Do Older Adults with Overactive Bladder Demonstrate Impaired Executive Function Compared to Their Peers Without OAB?

William Gibson, PhD1, Asad Makhani, BSc1, Kathleen F. Hunter, PhD2, Adrian Wagg, FRCP1

1Division of Geriatric Medicine, University of Alberta, Edmonton, AB
2Faculty of Nursing, University of Alberta, Edmonton, AB, Canada




Maintaining urinary continence is not an automatic process, but relies on continuous processing of sensory signals from the bladder and suppression of the desire to void. Urinary incontinence (UI) and lower urinary tract symptoms (LUTS), including urinary urgency, frequency, and nocturia are highly prevalent among the general population. This prevalence rises in association with increasing age, and this may be in part due to changes in the central nervous system rather than the urinary tract. The aim of this study was to assess if older adults with overactive bladder (OAB) had demonstrable impairment in executive function.


This was a cross-sectional study comparing the performance of adults aged 65 and over with and without OAB on two cognitive tests, the Trail Making Test B (TMT-B) and simple reaction time (SRT). OAB was defined as urgency, with at least weekly urgency incontinence and a daytime urinary frequency of 8 or more. The control group were defined as a Bladder control Self-Assessment Questionnaire (B-SAQ) score of ≤4.


56 participants were recruited, of whom 35 met criteria for OAB. The OAB group took significantly longer to complete the TMT-B than the control group (103s vs. 77s, p = .003). There was no difference in the SRT


In this sample of older adults, OAB was associated with measurable slower performance on the TMT-B, suggesting that impaired executive function is associated with OAB.

Key words: urinary urgency, urinary incontinence, overactive bladder, executive function, ageing


Urinary incontinence (UI) and lower urinary tract symptoms (LUTS), including urinary urgency, frequency, and nocturia are highly prevalent amongst the general population; this prevalence rises in association with increasing age.(1) UI and LUTS are stigmatizing conditions,(2) which are often under-reported and under-treated, particularly in older individuals.(3,4) The most commonly experienced LUTS are frequency, urgency, and nocturia, which are components of overactive bladder syndrome (OAB).(5) The most common form of UI in older people is urgency urinary incontinence (UUI), urine loss associated with urinary urgency, a sudden, compelling desire to void that is difficult to defer.(5)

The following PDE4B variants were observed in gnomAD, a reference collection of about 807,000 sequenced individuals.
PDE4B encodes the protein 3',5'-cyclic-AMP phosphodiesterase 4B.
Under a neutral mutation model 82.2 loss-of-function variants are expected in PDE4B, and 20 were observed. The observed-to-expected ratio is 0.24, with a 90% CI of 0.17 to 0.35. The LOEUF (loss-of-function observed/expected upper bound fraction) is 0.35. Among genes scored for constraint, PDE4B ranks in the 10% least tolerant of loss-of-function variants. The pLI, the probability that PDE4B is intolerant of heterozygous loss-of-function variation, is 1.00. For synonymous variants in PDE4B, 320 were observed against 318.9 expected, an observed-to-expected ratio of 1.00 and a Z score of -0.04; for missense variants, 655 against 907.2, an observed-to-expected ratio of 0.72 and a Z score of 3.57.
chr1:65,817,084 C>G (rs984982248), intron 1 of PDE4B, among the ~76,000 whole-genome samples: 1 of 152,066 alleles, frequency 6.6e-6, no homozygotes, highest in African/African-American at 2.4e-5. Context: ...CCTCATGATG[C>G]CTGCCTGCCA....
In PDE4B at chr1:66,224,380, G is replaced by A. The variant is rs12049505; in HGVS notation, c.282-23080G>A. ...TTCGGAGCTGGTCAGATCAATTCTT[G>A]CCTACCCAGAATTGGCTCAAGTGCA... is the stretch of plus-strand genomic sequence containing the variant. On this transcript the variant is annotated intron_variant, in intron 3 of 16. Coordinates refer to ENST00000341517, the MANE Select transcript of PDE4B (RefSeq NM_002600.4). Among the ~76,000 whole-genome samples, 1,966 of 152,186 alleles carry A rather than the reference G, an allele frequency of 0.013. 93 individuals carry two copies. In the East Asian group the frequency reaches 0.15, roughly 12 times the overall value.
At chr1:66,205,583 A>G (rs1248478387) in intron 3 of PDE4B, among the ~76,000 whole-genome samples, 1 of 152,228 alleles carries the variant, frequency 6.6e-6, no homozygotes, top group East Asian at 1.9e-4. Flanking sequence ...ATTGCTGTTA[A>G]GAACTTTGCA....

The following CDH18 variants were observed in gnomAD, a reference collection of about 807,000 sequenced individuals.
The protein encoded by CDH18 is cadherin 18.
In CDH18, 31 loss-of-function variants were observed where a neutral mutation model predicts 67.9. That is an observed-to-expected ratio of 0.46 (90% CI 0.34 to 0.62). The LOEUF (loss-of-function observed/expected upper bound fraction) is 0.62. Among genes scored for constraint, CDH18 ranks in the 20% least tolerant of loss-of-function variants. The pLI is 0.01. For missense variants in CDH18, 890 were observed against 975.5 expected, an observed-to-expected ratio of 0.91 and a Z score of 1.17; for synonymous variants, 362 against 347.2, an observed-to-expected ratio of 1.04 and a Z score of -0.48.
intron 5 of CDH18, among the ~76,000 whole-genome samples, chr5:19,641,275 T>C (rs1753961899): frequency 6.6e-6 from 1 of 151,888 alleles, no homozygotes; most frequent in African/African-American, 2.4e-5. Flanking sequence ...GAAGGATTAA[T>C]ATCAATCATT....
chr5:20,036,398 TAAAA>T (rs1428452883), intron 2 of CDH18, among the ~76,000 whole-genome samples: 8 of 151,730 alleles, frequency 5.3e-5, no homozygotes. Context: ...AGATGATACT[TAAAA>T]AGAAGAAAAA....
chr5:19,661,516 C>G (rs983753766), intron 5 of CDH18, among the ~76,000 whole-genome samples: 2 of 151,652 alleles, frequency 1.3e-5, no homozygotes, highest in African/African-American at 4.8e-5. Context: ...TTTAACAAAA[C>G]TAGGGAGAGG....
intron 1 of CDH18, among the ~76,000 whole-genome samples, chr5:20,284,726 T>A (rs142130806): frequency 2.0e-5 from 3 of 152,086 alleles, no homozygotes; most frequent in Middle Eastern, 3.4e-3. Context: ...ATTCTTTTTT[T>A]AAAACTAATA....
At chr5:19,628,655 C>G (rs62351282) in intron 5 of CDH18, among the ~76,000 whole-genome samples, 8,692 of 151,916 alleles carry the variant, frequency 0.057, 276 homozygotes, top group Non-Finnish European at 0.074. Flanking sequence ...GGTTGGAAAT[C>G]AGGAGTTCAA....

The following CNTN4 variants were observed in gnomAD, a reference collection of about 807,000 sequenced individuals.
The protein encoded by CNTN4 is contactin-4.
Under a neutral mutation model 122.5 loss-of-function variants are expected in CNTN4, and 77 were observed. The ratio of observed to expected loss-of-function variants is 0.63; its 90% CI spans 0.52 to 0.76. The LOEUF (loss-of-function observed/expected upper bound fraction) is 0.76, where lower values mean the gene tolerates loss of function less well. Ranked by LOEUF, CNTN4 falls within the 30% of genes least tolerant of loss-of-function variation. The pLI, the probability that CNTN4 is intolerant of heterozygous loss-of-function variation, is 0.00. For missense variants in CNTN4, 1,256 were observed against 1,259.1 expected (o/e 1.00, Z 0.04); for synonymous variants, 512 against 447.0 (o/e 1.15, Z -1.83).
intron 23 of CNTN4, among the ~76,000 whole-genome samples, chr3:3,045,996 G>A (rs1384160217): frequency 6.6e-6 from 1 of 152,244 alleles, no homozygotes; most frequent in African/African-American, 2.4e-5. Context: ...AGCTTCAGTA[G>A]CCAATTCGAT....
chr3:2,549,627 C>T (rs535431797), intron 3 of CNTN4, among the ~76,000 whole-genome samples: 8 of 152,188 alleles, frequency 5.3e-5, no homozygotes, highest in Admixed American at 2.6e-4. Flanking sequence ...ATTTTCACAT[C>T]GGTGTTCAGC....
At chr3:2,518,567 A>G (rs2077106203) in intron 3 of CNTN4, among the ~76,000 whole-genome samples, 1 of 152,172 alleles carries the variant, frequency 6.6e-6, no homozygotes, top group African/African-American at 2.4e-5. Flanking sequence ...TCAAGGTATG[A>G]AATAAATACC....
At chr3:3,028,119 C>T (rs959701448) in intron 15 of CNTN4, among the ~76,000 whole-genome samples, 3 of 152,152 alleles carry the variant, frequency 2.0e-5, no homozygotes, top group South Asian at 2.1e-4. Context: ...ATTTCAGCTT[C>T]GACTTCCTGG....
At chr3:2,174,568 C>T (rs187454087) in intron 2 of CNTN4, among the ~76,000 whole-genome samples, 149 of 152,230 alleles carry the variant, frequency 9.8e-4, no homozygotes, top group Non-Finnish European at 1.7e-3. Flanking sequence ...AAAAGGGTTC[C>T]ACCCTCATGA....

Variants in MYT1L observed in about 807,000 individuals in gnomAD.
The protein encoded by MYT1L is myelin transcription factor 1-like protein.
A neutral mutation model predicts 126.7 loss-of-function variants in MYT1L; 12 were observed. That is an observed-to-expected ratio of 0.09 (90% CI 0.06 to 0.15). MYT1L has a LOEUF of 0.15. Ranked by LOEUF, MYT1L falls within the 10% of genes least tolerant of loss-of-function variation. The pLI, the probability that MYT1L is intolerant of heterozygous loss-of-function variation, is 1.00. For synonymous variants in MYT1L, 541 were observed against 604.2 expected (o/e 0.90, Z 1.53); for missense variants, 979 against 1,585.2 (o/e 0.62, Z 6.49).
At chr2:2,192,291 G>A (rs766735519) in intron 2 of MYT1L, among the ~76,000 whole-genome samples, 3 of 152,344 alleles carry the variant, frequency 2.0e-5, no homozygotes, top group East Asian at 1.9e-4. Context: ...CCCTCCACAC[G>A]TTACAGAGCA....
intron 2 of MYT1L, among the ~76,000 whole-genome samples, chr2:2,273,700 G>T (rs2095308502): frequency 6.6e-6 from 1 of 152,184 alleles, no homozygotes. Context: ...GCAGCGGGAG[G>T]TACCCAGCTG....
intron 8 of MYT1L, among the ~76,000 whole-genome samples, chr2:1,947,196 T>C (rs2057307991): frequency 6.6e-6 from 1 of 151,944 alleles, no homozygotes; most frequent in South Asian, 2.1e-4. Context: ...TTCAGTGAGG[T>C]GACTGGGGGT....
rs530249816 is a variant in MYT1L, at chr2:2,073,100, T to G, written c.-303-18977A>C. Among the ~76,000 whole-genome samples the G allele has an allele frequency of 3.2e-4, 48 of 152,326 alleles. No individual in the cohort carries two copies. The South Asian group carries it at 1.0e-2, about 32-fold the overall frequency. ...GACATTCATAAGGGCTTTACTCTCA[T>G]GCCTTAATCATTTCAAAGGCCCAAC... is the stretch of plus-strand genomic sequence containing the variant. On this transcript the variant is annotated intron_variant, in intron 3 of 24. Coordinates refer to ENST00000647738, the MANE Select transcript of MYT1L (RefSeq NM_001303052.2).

The maintenance of continence is not a wholly automatic process, but rather one which relies on the coordination of multiple areas of the brain, collating and processing sensory input from the bladder.(6) Sensory input from the lower urinary tract is conveyed by the pudendal and hypogastric nerves to multiple areas of the brain including the pontine micturition centre, the hypothalamus, the periaqueductal grey matter, and the frontal and pre-frontal cortices.(6,7) These latter areas, which also play a role in executive function, also activate to suppress the sensation of urinary urge, allowing an individual to be consciously unaware of their bladder, except at times of experiencing a desire to void. In the healthy individual, this sensation is suppressible, allowing voiding to occur only in at a time and place of one’s own choosing.

Given the complexity of neurological control of continence and evidence that urge is less well suppressed in older people,(8) it is not surprising that OAB in older people may be as much a brain disease as a disorder of the bladder.(9)

There is a strong association between LUTS and falls in older men(10) and women,(1114) with estimates of the odds ratios for falls in the presence of LUTS ranging from 1.5 to 2.3.(15) This association has not been explained in the literature, but it has been suggested that the sensation of urinary urgency may exert deleterious cognitive effects by acting as a source of diverted attention,(15) the concept where performing two simultaneous cognitive tasks leads to a decline in the performance of one or both of those tasks.(16) Diverted attention has been shown to lead to gait changes in older people.(17,18)

Although largely automatic,(19) successful ambulation is reliant in part on executive function, with impairment of executive function being associated with slower gait speed and increased falls risk in older adults,(20) and poor performance on executive function testing predicting increased falls risk five years before falls occurred.(21) Lower performance on tests of executive function, memory, and verbal IQ are associated with slower gait speed(22) and cognitively-intact older people with “poor” and “intermediate” performance on the Trail Making Test (TMT), a measure of executive function, were slower when completing an obstacle course than those with normal TMT performance.(23)

Given that impairment in executive function is associated with both LUTS and falls, it may be that this impairment forms part of the known association between LUTS and falls by acting as a confounding factor. As part of a wider research program, this study aimed to examine the hypothesis that older adults with OAB may demonstrate impairment in executive function compared to their peers who do not have OAB.